Darius Philon brings ‘crazy’ energy at DE for Arizona Cardinals
GLENDALE, Ariz. — Darius Philon brings up his draft position when asked about his 2018 season. Because he’s four years removed from being drafted and just earned a handsome second NFL contract, that it still bugs him means something.
“I wasn’t my best (last) season. I can always do better and I can always achieve better,” the former Los Angeles Chargers defensive lineman said Saturday. “The thing is, me being … on a rookie contract, I produced as a sixth-round draft pick and I did things that people probably thought I’d never (do).”
Philon has reason to feel under-appreciated.
As a recruit out high school in Mobile, Ala., he received an offer to join the Alabama Crimson Tide before they pulled his scholarship, asking him to pay his own way instead, according to the Los Angeles Times. He ended up committing to Arkansas instead.
So is there’s a chip on Philon’s shoulder? Got to be.
“I always had a chip on my shoulder playing football,” Philon said. “If you don’t play this game with a chip, you can’t get hurt out there on that field. I always had a chip, I always had the attitude to go out and be successful. Don’t be denied.”
For the Arizona Cardinals, self motivation is good to hear coming from a key offseason free agent addition, one paid $10 million over two years reportedly thanks to a $4 million signing bonus.
“I think Darius is going to be great for us. He has a very good get-off and very disruptive throughout camp,” nose tackle Corey Peters said.
Peters is the calm, wise leader along the line. Outside linebacker Chandler Jones is the Cardinals’ humble superstar. Middle linebacker Jordan Hicks is the brains of the defensive operation, and corner Patrick Peterson is the confident Pro Bowler.
But much like new cornerback Robert Alford and safety D.J. Swearinger, the trash talkers in the defensive backfield, Philon brings a new spice to the personalities on the defensive unit.
“He’s crazy,” Peters said. “It is what it is. I mean, he’s high energy, funny, good personality. Good type of crazy. I think every defense needs a little bit of crazy on it so I’m looking forward to spending the year with him. Provides a lot of entertainment, a lot of laughs.
“I can’t wait ’til we line up on an actual game day so I can see how he is then.”
The 25-year-old Philon could still have room to improve. Over the last two years with the Chargers, the 6-foot-1, 286-pound defensive lineman recorded 8.5 sacks, 14 tackles for loss, 18 quarterback hits, two forced fumbles and 64 tackles.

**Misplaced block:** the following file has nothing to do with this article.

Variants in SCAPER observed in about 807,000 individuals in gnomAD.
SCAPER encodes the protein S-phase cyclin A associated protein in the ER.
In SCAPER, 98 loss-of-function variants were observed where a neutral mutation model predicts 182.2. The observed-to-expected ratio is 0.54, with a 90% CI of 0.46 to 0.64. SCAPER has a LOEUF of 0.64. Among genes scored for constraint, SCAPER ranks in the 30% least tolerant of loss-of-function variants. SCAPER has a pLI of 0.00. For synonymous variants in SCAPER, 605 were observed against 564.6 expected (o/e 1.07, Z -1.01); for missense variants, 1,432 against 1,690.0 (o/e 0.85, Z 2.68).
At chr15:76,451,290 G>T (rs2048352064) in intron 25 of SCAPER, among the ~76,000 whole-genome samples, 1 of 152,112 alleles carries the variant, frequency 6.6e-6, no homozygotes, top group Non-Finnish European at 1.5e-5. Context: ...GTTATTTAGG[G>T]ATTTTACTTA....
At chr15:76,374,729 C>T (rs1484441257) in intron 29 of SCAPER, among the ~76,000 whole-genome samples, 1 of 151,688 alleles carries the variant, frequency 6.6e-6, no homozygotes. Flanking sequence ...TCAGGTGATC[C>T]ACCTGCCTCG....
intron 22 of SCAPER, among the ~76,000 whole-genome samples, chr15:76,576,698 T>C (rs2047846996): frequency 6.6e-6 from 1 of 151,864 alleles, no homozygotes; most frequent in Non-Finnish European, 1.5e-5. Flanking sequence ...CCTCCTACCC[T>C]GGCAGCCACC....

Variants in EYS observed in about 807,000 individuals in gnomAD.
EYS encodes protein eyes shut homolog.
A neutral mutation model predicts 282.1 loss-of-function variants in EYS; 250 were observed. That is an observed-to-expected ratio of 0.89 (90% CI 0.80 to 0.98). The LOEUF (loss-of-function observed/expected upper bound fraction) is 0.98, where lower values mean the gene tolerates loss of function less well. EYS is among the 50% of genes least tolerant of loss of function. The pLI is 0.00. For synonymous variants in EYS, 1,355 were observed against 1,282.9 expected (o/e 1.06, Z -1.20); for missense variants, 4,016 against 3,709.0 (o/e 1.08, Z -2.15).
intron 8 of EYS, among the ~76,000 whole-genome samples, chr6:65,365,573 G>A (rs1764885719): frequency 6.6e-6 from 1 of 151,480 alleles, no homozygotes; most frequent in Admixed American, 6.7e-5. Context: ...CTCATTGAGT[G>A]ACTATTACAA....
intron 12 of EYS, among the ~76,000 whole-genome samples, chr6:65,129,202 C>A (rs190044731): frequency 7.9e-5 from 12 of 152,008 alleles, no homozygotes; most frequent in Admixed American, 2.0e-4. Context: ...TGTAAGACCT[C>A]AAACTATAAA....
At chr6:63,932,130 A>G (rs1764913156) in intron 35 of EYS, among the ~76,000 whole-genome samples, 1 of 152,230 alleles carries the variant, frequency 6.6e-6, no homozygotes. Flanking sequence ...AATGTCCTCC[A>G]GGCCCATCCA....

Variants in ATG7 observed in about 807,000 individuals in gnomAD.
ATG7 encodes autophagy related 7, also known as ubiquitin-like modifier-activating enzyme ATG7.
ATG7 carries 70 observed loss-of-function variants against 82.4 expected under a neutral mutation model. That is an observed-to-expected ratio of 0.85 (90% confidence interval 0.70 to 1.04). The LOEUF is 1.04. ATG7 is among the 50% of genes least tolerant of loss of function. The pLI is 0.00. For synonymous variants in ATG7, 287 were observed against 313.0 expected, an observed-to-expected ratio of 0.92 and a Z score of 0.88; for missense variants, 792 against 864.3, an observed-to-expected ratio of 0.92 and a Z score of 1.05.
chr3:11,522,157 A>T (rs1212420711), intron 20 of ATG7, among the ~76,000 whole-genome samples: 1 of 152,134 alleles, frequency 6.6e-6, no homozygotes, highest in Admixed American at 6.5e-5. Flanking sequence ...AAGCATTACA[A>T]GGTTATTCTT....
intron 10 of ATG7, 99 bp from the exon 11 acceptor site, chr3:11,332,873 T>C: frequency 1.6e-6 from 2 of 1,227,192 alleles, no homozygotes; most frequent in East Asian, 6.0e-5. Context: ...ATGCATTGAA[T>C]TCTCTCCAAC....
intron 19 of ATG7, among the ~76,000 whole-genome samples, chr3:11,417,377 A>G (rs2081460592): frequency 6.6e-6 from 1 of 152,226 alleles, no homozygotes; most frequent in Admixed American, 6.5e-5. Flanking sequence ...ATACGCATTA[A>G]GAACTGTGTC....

Under defensive coordinator Vance Joseph, he’s playing defensive end in a 3-4 defense that’s been themed as an attacking scheme by coaches and players. It fits Philon, who was signed as Arizona prepared to lose defensive tackle Rodney Gunter in free agency and readied to start 2019 without Robert Nkemdiche, the 2016 first-round pick who struggled to assimilate to the pro game and tore his ACL in December.
The Cardinals eventually re-signed Gunter later in free agency and decided to waive Nkemdiche a week into training camp after he reported out of shape. Two recent traffic-related police stops on top of his inconsistent play on the field in three seasons didn’t help Nkemdiche’s cause.
“I’m hopeful that the situation will kind of be a wakeup call for him because he has as much talent as anybody in the NFL, and I mean that,” Peters said of Nkemdiche.
“It’s in his hands.”
The Cardinals likely saw this as an end-of-the-line offseason for Nkemdiche. They readied to move forward from the 29th overall draft pick in 2016 by committing a lot of money up front to the 2015 draft’s 192nd overall selection in Philon, a player who unlike Nkemdiche has proved that success and relative fortune hasn’t stunted his desire to improve.
Philon, Gunter and Peters enter 2019 hoping to fix an Arizona defense that last year got gashed in the run game under then-head coach Steve Wilks. For Philon, the opportunity to succeed in a starting role and get better has a lot to do with the situation around him.
“It’s a great room. We got great guys. We stick together as one,” he said. “We’re going to learn from one another … it’s no hard feelings when you’re being told from your peers that you’re messing up or you’re doing wrong.
“It’s just something that we’re striving (for) in that room, is excellence. Perfection, each and every day, we’re pushing each other to it.”